There are obviously enormous social prejudices to overcome, I would like to see some reflection of social changes in recent years in the media’s treatment of homoromantic love. Not that all work dealing with homophobia as an issue is bad – far from it. It is simply that I dislike it being the sole obstacle in stories. So, to some extent, this poetry is a response to that. It’s far from a major issue, but if there’s a niche, then it’s nice to try and put something in there. I do not seek to pretend that this is the best effort to fill the gap. Indeed, the tale of gods and men is an old one, and my rendition has many flaws. Partly the fact that I’m frankly hypocritical – I succumb to all the clichés I describe in part VI… Mostly that the poetry is far from perfect.
So, why Hyacintos? Because it gave me a classical tale (A genre that regular readers will know I am fond of) which addressed a love story. A very charming love story that I have enjoyed reading in various forms for some time, particularly the part where the Hyacinth-flower is created. The combination of romance and tragedy was perfect, to me, and it allowed me to write about an aspect of love that I am interested in, but rarely write on. Though I seek to make my romantic poetry as gender-neutral as possible, it tends towards the ‘heteronormative paradigm’. This poem is an effort to rebalance that, in celebration of writing over a hundred poems. I hope there will be many more to come, and I’d like to thank all of you for your support. If you wish to discuss this, or give me any feedback, please comment below.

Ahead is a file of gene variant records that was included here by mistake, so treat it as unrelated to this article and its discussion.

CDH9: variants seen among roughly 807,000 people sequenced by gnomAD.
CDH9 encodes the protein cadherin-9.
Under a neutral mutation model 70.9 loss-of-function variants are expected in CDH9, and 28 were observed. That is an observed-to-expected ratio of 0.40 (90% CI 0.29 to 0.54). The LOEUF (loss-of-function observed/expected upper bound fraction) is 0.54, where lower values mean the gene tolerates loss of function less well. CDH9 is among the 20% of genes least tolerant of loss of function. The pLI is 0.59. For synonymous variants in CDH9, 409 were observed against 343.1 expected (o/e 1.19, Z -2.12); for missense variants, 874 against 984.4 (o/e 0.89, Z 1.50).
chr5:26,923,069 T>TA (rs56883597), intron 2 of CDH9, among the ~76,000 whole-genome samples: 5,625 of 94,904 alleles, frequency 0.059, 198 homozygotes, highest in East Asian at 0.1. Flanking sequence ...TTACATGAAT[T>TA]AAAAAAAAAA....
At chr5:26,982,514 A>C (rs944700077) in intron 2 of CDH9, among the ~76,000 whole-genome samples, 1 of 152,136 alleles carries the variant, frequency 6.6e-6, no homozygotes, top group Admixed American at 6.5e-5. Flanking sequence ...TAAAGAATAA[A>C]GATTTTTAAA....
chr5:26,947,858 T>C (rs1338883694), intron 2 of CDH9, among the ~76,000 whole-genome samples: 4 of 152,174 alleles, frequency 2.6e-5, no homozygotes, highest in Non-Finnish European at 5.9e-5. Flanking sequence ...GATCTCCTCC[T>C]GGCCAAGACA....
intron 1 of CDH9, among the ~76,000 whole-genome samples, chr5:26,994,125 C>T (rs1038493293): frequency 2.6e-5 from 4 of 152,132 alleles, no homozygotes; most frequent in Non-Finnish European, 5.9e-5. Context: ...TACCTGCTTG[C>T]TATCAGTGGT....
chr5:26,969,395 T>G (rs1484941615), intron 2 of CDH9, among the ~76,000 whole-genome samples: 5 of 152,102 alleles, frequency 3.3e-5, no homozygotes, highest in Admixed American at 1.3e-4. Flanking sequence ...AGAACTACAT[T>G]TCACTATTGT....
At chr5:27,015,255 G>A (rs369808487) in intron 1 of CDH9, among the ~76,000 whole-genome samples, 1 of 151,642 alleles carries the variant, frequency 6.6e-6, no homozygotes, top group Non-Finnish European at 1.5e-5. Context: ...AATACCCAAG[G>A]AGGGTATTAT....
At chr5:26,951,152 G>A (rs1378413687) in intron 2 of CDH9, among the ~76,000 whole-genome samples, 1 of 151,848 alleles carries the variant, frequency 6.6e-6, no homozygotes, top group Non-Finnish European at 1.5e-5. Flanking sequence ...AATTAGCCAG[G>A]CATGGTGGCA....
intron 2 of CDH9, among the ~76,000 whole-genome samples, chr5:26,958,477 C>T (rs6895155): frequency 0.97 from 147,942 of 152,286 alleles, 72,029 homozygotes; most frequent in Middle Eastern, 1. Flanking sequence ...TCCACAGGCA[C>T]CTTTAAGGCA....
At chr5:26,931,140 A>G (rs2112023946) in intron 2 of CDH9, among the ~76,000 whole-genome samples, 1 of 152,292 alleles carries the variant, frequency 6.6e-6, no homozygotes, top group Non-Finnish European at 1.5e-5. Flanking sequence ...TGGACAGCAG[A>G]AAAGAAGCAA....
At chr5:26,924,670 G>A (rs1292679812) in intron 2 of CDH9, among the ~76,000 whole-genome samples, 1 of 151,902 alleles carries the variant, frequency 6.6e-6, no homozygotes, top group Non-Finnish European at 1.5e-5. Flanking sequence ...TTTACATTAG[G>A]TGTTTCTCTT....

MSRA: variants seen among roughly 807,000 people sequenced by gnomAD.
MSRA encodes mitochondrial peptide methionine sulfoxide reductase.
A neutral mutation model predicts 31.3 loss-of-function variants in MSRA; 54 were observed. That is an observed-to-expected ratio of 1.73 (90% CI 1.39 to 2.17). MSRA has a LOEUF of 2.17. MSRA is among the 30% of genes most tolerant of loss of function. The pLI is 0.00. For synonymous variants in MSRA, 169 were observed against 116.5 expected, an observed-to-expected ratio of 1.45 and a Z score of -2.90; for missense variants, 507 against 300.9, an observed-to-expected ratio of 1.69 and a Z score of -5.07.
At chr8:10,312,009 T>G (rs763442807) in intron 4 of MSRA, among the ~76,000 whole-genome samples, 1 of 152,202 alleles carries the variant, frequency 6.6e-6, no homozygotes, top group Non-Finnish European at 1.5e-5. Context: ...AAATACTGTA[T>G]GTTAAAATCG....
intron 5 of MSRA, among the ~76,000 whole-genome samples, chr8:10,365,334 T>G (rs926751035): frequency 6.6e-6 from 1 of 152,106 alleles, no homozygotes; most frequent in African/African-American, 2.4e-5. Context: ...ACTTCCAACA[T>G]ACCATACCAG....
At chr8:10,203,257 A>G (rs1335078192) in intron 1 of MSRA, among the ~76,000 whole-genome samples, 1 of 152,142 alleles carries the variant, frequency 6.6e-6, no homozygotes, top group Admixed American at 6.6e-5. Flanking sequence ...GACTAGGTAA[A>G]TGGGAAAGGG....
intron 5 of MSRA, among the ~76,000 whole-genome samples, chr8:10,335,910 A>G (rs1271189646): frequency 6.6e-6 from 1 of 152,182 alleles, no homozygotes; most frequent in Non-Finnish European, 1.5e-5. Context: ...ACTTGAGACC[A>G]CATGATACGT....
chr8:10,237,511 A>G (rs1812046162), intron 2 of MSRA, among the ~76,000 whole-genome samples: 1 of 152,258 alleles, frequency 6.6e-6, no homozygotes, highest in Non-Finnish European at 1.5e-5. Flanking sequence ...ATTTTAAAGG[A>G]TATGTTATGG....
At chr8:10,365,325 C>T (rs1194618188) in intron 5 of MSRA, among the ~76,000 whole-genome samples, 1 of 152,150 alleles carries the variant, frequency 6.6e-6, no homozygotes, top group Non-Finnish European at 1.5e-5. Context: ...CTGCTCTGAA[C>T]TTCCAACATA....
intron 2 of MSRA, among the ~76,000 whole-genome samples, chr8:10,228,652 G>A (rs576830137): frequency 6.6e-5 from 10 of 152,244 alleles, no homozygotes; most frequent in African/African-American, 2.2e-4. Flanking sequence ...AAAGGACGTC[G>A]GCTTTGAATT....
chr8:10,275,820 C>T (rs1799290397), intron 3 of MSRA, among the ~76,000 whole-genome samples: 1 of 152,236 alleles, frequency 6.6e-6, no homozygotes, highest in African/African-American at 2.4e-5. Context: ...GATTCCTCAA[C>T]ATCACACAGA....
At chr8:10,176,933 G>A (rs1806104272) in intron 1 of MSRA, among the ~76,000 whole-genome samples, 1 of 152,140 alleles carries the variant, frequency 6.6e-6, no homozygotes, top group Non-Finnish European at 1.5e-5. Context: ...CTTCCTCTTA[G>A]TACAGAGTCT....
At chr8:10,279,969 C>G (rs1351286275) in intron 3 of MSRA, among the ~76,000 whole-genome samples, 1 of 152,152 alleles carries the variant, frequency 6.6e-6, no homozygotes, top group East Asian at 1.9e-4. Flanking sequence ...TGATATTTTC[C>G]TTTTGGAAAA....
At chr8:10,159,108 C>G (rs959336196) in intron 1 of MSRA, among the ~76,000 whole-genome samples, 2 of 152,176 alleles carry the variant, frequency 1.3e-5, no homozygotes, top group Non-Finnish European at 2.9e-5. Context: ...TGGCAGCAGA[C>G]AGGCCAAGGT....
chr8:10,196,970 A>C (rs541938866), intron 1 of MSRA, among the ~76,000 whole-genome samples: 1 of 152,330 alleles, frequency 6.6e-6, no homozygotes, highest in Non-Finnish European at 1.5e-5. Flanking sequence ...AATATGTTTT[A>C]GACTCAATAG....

The Hapless Neo-Romantic (Which now I see as a terrible, unintended double-meaning. Both a new Romantic, and a new romantic, if that makes sense…)